It was probably the most fearsome battle to ever take place in the animal kingdom: The super-apex predator Tyrannosaurus versus the heavily armored Triceratops. Based on the fossil records, paleontologists have known for quite some time that the two Cretaceous-era dinosaurs often went head-to-head. But given the triceratops' extensive defenses, it has never been clear how the T-rex was able to penetrate through the thick shielding when it came time for the feast. But new research has revealed how it was done — and it wasn't pretty.
Step #1: Grab hold of the frill: According to work presented last week at the Society of Vertebrate Paleontology's annual meeting in Raleigh, North Carolina, the T-rex, upon killing the triceratops, worked to position itself such that it could take hold of the frill with its massive jaws.
Step #2: Tear the back of the neck: Once the T-rex could grab hold, it pulled the head back, thus creating tension and a subsequent tear in the flesh. The researchers, a team lead by Denver Fowler at the Museum of the Rockies in Bozeman, Montana, were able to make this determination by studying the bite marks found on the fossilized remains of 18 triceratops. Fowler believes that the T-rex's laterally thickened tooth structure made it well suited for resisting lateral stressess — a characteristic that would have substantially improve its ability to dismember carcasses.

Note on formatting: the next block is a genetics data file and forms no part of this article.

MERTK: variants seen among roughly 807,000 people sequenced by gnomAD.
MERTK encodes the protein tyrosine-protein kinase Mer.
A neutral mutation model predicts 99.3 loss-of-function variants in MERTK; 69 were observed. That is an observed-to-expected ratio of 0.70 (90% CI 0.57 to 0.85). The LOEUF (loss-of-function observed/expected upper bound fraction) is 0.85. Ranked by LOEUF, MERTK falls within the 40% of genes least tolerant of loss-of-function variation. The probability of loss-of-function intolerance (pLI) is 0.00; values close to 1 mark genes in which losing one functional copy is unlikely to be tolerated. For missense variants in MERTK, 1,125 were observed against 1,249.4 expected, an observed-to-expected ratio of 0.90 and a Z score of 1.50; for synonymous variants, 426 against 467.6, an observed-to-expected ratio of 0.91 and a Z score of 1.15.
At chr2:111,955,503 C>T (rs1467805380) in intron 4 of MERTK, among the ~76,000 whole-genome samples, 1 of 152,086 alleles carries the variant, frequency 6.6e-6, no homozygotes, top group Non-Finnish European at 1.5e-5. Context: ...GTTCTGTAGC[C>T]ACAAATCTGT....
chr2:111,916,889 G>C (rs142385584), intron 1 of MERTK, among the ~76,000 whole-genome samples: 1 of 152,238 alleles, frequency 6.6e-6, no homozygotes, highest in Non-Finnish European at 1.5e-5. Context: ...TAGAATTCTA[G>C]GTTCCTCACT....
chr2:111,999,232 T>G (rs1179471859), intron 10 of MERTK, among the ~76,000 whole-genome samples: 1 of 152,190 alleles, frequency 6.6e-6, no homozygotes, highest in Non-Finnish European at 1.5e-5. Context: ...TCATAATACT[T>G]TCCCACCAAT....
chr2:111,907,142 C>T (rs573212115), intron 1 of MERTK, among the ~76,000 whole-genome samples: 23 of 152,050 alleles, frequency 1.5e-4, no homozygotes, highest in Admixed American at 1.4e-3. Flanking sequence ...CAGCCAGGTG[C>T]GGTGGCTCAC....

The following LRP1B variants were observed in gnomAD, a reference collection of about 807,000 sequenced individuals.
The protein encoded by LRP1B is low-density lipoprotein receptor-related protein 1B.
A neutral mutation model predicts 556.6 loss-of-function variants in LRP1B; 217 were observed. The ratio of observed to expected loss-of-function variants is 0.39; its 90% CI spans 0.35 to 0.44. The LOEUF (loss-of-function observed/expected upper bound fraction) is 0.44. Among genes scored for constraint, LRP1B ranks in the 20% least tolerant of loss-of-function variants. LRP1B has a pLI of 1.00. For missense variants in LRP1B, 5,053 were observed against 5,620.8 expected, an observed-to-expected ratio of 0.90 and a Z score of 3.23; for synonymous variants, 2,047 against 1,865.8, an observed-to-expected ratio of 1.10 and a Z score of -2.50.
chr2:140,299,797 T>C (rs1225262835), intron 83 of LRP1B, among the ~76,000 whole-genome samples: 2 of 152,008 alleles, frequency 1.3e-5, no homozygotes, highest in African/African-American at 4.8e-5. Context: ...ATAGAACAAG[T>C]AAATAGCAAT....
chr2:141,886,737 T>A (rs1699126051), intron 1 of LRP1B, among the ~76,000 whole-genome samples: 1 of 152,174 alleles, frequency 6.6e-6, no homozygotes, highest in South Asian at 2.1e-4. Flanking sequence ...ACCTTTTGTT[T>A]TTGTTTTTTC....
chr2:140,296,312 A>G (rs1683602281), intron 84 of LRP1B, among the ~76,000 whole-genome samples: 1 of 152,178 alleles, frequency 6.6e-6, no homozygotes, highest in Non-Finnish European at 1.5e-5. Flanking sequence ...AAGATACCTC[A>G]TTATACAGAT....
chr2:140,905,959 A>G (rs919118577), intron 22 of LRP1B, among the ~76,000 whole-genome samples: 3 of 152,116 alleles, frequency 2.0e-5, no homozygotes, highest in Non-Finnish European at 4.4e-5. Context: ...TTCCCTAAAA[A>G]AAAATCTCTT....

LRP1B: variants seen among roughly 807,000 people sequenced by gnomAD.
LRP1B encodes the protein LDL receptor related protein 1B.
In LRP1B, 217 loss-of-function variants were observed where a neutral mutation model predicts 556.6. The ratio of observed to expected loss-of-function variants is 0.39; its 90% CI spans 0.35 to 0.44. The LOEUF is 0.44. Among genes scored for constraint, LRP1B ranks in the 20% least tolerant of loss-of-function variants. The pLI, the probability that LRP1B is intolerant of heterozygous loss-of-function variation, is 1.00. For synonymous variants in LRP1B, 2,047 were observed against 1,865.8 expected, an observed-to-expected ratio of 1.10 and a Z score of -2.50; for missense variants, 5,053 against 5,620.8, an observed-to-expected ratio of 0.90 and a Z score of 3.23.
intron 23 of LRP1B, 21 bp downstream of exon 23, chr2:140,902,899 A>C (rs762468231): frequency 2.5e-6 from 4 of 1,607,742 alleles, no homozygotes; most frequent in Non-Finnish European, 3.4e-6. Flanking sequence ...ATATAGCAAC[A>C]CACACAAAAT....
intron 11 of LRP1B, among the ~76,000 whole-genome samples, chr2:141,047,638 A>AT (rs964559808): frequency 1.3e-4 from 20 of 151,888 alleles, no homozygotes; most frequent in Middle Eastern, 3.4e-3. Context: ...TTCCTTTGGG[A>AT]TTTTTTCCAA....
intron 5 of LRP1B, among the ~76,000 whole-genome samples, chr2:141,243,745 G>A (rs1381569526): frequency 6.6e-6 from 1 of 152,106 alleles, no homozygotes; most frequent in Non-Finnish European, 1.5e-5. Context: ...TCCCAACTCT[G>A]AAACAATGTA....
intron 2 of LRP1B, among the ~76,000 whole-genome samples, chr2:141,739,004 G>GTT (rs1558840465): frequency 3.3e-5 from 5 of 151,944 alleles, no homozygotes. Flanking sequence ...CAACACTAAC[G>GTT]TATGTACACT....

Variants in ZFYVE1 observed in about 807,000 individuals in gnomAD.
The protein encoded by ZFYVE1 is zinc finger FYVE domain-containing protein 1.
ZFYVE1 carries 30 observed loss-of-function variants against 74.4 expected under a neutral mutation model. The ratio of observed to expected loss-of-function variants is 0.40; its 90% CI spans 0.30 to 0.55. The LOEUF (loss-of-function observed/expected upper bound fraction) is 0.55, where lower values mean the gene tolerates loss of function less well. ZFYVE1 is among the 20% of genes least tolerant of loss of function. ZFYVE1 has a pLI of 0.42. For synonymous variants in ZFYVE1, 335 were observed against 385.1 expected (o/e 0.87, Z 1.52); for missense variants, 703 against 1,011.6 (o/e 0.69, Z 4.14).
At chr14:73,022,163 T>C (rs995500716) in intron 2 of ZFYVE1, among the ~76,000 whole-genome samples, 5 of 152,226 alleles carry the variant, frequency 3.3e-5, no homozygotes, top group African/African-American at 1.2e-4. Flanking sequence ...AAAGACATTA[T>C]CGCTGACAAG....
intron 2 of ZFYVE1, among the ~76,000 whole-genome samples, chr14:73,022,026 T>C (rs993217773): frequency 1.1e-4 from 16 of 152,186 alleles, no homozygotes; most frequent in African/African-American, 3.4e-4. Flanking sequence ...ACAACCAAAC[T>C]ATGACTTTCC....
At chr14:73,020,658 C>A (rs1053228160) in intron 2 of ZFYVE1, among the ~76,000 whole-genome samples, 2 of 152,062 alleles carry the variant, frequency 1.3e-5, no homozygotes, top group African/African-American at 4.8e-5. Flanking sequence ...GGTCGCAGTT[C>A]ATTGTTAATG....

Step #3: Rip the head off: When studying the fossils, particularly the skulls, Fowler noticed that many of the bones showed no signs of healing. This suggested that the bite marks were made after death and during the meal itself (what paleontologists refer to as postmortem carcass processing). And in addition, many of the specimens featured puncture, score, gouge, and puncture-pull marks, which in combination with tooth-spacing patterns, indicated that the marks were inflicted during the feast.
Step #4: Time to eat: The paleontologists theorize that the T-rex worked hard to get the head off so that it could get to the nutrient rich neck muscles. Fowler says this is consistent with deep parallel gouge marks found on the skull, including punctured braincases. And interestingly, the paleontologists were also able to determine that the T-rex liked to gnaw the flesh off the triceratops' face.
It's worth noting that some paleontologists dispute the predator/prey relationship between the two species. One theory is that the T-rex simply scavenged on the remains of dead triceratops, and that the elaborate armor and horns were simply ornamental/courtship displays. It's also possible that the horns were used in combat with each other and not against T-rexes. And indeed, there is evidence that the horns were used in combat (and were not just ornaments) — it's just not clear who the horns were used against. But regardless, there's little doubt that the T-rex ate the remains of triceratops.
You can check out the study at Fowler's homepage.